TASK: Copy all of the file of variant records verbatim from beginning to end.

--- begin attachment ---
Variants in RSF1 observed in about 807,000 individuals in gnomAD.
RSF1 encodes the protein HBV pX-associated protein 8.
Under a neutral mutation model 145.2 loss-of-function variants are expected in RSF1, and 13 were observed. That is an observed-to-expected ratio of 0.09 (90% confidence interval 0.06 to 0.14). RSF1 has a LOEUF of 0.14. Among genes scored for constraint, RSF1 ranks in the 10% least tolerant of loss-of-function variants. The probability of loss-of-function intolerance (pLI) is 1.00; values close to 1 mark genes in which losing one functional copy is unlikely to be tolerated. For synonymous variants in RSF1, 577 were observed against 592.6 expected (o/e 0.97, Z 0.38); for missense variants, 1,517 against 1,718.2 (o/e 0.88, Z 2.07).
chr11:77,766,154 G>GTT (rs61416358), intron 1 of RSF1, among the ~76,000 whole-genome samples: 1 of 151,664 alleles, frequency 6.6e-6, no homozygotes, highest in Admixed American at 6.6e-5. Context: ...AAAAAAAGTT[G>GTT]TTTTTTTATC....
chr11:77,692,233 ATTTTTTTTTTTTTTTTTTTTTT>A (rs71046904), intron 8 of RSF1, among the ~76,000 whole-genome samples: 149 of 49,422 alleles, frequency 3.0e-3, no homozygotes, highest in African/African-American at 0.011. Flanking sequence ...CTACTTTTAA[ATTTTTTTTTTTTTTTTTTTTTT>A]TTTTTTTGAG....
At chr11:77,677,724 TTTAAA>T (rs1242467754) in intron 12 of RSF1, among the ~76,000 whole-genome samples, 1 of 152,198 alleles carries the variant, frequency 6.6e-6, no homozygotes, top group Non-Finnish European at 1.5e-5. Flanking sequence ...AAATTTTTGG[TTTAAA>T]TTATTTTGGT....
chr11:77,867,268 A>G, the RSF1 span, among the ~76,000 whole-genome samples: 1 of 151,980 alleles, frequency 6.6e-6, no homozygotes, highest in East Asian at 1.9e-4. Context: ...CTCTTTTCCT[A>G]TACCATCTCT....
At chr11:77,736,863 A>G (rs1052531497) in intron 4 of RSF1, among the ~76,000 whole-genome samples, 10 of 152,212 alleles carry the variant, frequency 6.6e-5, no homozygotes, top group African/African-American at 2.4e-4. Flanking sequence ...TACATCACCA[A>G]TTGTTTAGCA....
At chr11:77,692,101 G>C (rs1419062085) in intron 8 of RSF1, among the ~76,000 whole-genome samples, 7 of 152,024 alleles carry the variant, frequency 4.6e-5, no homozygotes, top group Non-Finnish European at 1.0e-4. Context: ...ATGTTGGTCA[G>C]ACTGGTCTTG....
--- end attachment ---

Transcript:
Variants in RSF1 observed in about 807,000 individuals in gnomAD.
RSF1 encodes the protein HBV pX-associated protein 8.
Under a neutral mutation model 145.2 loss-of-function variants are expected in RSF1, and 13 were observed. That is an observed-to-expected ratio of 0.09 (90% confidence interval 0.06 to 0.14). RSF1 has a LOEUF of 0.14. Among genes scored for constraint, RSF1 ranks in the 10% least tolerant of loss-of-function variants. The probability of loss-of-function intolerance (pLI) is 1.00; values close to 1 mark genes in which losing one functional copy is unlikely to be tolerated. For synonymous variants in RSF1, 577 were observed against 592.6 expected (o/e 0.97, Z 0.38); for missense variants, 1,517 against 1,718.2 (o/e 0.88, Z 2.07).
chr11:77,766,154 G>GTT (rs61416358), intron 1 of RSF1, among the ~76,000 whole-genome samples: 1 of 151,664 alleles, frequency 6.6e-6, no homozygotes, highest in Admixed American at 6.6e-5. Context: ...AAAAAAAGTT[G>GTT]TTTTTTTATC....
chr11:77,692,233 ATTTTTTTTTTTTTTTTTTTTTT>A (rs71046904), intron 8 of RSF1, among the ~76,000 whole-genome samples: 149 of 49,422 alleles, frequency 3.0e-3, no homozygotes, highest in African/African-American at 0.011. Flanking sequence ...CTACTTTTAA[ATTTTTTTTTTTTTTTTTTTTTT>A]TTTTTTTGAG....
At chr11:77,677,724 TTTAAA>T (rs1242467754) in intron 12 of RSF1, among the ~76,000 whole-genome samples, 1 of 152,198 alleles carries the variant, frequency 6.6e-6, no homozygotes, top group Non-Finnish European at 1.5e-5. Flanking sequence ...AAATTTTTGG[TTTAAA>T]TTATTTTGGT....
chr11:77,867,268 A>G, the RSF1 span, among the ~76,000 whole-genome samples: 1 of 151,980 alleles, frequency 6.6e-6, no homozygotes, highest in East Asian at 1.9e-4. Context: ...CTCTTTTCCT[A>G]TACCATCTCT....
At chr11:77,736,863 A>G (rs1052531497) in intron 4 of RSF1, among the ~76,000 whole-genome samples, 10 of 152,212 alleles carry the variant, frequency 6.6e-5, no homozygotes, top group African/African-American at 2.4e-4. Flanking sequence ...TACATCACCA[A>G]TTGTTTAGCA....
At chr11:77,692,101 G>C (rs1419062085) in intron 8 of RSF1, among the ~76,000 whole-genome samples, 7 of 152,024 alleles carry the variant, frequency 4.6e-5, no homozygotes, top group Non-Finnish European at 1.0e-4. Context: ...ATGTTGGTCA[G>C]ACTGGTCTTG....